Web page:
Richard Fadden


Resident of Larimore, Well Known Over State Dies of Blood Poisoning.
Sees Service in Indian War, Prominently Connected as a Government Scout in Army Service — Sheriff of Grand Forks County — Chief of Police of Larimore and Man Well Liked By All Who Knew Him.

Richard “Dick” Fadden, aged 64, and pioneer resident of the state for many years, died yesterday morning at his home at Larimore at 5:45 o’clock.  Mr. Fadden, who had been in ill health for the last two months, underwent an operation to check the disease, blood poisoning, that was slowly ebbing away his life.  His condition became critical the last two weeks, and it was only a question of time before the end would come.  The funeral will be held Saturday morning at 11 o’clock, at the Catholic Church at Larimore.  The pallbearers who were selected by Mr. Fadden when he first learned of his critical condition, comprise James Collins and A. F. Turner of Grand Forks, M. Gass, E. L. Richter, William Dresden and J. C. Murphy of Larimore.  The deceased is survived by his widow and one daughter, Ellen Fadden, who is six years of age.  The late Mr. Fadden, who is known all over the state, counting his friends by the score, is one of the earliest residents of the state.  He was born in Dunhamfelt, Canada, September 16th, 1850.  When he was 4 years of age he moved to New Auburn, Minnesota, with his parents.  When the Sioux War broke out, young Fadden and his sister were captured by the Indians and went through many experiences before regaining his liberty.  Coming to North Dakota while the country was still in its infancy, he was employed as one of the scouts at Fort Stevenson and Fort Buford.  He served as county sheriff of Grand Forks for many years.  He has made his home the last few years at Larimore, and has been chief of police of that city for ten years.  His death caused genuine sorrow among his many friends throughout the state.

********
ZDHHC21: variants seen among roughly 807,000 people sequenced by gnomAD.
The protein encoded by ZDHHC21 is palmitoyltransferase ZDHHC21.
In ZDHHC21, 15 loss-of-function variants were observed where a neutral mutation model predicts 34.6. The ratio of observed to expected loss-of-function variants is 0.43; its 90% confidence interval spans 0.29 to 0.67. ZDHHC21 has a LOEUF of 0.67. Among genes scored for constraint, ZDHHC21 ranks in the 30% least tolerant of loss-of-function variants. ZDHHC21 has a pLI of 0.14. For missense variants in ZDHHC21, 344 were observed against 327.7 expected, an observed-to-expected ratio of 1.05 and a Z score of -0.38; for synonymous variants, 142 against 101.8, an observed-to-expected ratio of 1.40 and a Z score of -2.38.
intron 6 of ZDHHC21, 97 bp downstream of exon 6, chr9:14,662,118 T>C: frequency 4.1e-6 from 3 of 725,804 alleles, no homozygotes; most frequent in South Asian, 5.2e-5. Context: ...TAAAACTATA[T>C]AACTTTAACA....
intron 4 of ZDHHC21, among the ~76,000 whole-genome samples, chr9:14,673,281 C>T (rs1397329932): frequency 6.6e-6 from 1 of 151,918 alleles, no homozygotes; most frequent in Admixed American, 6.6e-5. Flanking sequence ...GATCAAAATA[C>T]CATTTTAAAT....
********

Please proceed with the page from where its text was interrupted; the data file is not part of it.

Grand Forks Daily Herald
January 22, 1915
Page 16


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